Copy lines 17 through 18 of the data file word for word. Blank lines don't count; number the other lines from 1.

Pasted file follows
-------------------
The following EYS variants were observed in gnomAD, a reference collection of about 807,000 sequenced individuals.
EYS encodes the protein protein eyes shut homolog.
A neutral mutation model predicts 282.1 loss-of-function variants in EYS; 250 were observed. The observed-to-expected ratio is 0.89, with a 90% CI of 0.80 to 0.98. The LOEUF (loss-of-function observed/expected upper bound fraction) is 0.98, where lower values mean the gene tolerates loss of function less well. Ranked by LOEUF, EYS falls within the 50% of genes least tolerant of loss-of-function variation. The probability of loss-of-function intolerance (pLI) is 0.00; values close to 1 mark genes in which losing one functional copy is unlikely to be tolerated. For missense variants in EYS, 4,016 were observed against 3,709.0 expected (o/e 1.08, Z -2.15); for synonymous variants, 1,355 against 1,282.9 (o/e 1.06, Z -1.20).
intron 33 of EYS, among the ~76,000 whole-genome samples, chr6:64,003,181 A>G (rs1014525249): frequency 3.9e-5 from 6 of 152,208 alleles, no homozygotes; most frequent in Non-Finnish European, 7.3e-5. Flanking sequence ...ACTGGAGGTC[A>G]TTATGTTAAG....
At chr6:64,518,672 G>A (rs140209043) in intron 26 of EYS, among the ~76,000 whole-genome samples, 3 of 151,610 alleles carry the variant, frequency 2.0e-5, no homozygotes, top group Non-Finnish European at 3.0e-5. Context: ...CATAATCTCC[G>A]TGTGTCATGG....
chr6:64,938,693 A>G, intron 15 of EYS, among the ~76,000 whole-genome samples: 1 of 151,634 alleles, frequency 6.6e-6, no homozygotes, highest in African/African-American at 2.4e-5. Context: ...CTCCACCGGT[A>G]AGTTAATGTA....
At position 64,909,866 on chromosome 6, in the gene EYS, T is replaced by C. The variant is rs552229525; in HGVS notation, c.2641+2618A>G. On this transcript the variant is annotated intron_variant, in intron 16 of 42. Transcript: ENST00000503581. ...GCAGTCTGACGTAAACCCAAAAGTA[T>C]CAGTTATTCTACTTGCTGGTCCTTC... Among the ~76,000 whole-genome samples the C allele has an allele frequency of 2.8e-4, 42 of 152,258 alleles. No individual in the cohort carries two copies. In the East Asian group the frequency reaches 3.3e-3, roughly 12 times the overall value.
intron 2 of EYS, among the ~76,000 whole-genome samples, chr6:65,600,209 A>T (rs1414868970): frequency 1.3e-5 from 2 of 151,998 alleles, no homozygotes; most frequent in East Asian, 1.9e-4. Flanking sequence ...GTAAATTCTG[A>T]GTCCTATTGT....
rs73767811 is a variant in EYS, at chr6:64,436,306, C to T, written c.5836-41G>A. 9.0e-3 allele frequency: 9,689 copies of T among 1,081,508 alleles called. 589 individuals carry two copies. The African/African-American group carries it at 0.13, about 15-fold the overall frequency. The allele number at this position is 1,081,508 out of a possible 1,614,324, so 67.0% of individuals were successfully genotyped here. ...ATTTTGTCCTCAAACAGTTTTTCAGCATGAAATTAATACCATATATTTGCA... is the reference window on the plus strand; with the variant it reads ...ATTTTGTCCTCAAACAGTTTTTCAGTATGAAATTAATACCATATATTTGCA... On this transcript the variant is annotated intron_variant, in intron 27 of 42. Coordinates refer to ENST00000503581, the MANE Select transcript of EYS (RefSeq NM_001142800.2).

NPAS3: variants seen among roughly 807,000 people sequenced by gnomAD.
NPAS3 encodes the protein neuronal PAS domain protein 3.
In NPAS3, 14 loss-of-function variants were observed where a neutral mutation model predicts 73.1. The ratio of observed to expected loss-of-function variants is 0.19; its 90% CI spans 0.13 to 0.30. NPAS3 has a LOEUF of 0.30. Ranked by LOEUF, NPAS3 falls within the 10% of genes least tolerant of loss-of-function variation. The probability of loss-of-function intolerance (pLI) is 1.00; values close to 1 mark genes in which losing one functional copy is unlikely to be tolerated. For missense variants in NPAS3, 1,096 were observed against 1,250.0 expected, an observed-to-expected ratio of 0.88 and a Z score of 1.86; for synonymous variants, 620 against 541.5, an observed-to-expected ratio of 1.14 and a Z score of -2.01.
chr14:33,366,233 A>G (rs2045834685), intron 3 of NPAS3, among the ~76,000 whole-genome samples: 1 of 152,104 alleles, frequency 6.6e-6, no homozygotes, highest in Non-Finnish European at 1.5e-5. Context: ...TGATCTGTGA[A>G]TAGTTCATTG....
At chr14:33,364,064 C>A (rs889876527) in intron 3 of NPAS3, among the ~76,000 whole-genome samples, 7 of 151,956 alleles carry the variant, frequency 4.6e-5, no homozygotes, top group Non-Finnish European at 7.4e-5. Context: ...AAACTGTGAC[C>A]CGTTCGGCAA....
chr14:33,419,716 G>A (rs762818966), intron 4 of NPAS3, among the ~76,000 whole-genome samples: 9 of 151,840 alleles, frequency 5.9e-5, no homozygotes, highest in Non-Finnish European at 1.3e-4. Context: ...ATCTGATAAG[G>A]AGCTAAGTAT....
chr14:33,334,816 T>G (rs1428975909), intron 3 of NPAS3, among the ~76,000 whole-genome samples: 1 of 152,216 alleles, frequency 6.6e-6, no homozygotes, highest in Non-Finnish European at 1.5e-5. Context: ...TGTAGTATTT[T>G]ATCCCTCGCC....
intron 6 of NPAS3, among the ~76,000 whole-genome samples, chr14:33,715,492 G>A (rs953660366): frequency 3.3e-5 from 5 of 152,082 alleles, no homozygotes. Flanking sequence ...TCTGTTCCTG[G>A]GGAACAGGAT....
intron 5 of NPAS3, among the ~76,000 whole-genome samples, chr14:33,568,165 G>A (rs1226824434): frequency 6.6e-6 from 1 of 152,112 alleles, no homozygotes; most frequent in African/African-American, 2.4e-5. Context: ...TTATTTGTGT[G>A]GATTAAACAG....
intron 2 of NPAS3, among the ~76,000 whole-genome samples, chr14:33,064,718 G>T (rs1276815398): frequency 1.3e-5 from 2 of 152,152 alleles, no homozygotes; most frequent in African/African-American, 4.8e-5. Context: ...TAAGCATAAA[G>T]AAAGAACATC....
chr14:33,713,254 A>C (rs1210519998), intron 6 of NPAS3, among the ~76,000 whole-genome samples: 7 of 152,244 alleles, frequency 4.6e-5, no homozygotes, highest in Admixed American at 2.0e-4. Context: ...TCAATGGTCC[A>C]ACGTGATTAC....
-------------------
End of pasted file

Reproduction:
intron 6 of NPAS3, among the ~76,000 whole-genome samples, chr14:33,715,492 G>A (rs953660366): frequency 3.3e-5 from 5 of 152,082 alleles, no homozygotes. Flanking sequence ...TCTGTTCCTG[G>A]GGAACAGGAT....
intron 5 of NPAS3, among the ~76,000 whole-genome samples, chr14:33,568,165 G>A (rs1226824434): frequency 6.6e-6 from 1 of 152,112 alleles, no homozygotes; most frequent in African/African-American, 2.4e-5. Context: ...TTATTTGTGT[G>A]GATTAAACAG....